The sequence ends with ‘Daddy, out of concern & frustration, forcing a pistol into Norman’s hands and have him shoot a prisoner in the back. To ‘Daddy, it’s all very simple: Norman’s a liability if he can’t fight alongside them; irrespective of his training or the Army’s decision to put him there. The crew that fights together – for each other – is the crew that makes it to Berlin. Yet that same crew – that biological ‘machine’ – is only as strong as its weakest link: Norman. War-Daddy’s hard on him, because he has to be and I think Ayer – and the actors – do a credible job of conveying that imperative. Ayer reinforces that notion when, after entering the town, ‘Daddy shows Norman the bodies of local Nazi officials:
War-Daddy: ‘They got drunk as Lords and shot themselves at sun-up.’
Norman: ‘Why are you showing me this?’
War-Daddy: ‘Ideals are peaceful. History’s violent…’
Talk of weakest links, brings me to a lengthy sequence in which ‘Daddy spots a woman looking down at the town-square from the window of a flat. He takes Norman up there with him and discovers the woman Irma has company: a young cousin, Emma, played by Anamaria Marinca & Alicia von Rittberg, respectively. Initial awkwardness – and any implied threat – is soon overcome, once the women see them, not as conquering enemy soldiers, but men. Tired men. Bearing eggs & bacon. Lucky Strikes. Any implied desire, is for some hot water with which to shave. That said, ‘Daddy rounds-out Norman’s education by encouraging him to sleep with Emma, who’s as terrified as she is thrilled: I think. And looking-on, is Irma; watching as ‘Daddy washes. When the kids emerge from the bedroom, she’s the one smoking the post-coital cigarette…
I get it. It’s a grace note within the film, offering a change of scene and palette. An opportunity for these characters to round-out a little and, by itself, I think Ayer just about gets away with it. That is, until he has the rest of Fury’s now-drunken crew barge-in, at the point where Irma’s serving-up the food. Chief instigator of unrest is – surprise, surprise – Coon-Ass, who taints both food and atmosphere, whether in the room or between the crew themselves. Ayer allows this to unfold, but I can’t help thinking it’s an opportunity missed; one in which resolution might’ve been achieved by having ‘Daddy make a declarative statement along the lines of ‘One day soon the war will end and we’ll have to return to ‘this’; normality.’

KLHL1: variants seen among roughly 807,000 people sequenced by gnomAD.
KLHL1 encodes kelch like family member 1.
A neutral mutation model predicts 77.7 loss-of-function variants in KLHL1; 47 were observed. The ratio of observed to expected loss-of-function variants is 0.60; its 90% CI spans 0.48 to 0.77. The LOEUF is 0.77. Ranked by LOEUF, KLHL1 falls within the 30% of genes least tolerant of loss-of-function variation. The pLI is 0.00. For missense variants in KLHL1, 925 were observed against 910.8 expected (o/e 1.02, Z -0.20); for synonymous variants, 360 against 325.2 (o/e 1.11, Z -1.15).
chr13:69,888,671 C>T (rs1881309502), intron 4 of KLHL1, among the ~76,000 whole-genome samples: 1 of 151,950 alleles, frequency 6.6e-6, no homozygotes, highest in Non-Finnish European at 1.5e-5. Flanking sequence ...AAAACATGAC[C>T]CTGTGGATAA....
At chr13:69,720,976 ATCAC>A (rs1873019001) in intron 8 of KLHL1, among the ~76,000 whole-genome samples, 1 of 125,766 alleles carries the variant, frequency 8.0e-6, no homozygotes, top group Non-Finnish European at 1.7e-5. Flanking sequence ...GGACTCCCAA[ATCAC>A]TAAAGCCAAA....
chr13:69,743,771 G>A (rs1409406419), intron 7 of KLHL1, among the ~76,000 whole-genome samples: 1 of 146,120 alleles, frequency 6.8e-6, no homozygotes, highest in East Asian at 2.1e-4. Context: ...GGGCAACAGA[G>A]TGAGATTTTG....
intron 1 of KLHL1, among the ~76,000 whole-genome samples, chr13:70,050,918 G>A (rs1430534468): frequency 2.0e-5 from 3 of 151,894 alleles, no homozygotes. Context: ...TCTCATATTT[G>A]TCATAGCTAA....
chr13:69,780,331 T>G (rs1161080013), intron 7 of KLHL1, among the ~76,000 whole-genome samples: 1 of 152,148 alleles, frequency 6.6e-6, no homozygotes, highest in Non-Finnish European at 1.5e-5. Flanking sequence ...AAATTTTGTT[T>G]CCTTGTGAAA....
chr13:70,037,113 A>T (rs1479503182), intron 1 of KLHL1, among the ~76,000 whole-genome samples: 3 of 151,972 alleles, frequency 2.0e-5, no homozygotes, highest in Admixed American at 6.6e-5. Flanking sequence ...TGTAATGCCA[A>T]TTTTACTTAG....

What he actually does, is assert his desire to finish his meal and offers no apology for not having invited the others up in the first place; as if he knew – perhaps from past experiences – how such a scenario might’ve played-out. It’s an important shift, because he sees something of himself in Norman. A remembrance of himself as a young man, perhaps? That’s why he makes no apology: and why should he? He’s as much a killer of these people as the rest of them. But he’s retained his humanity, too.
But there’s one final sting in the tail: a rain of shellfire strikes the town and a stray round hits Irma’s flat, snuffing-out both her and Emma in the blink of an eye. If there’s a moment in the film that speaks to the futility of war and the cruel, arbitrary nature of Fate, then it’s this. No wonder that ‘Daddy enjoyed the quietude while it lasted.
War-Daddy: ‘It will end. Soon. But before it does, a lot more people got to die…’
Amen to that.
Act Three is all about the reckoning. About The Wheel of Fate and how it relates to ‘Daddy’s plain-speaking. Things happen quickly. Events overwhelm the column. Then Fury itself. Slowly, as if destiny is being meted-out through a thousand cuts…
There has to be a witness, of course. Someone with the capacity – and distance – to tell the tale and write the legend for future days-to-come. The final crane shot, looking down at Fury as the camera corkscrews to the heavens, tells its own story: the legacy of the night before, in the morning after.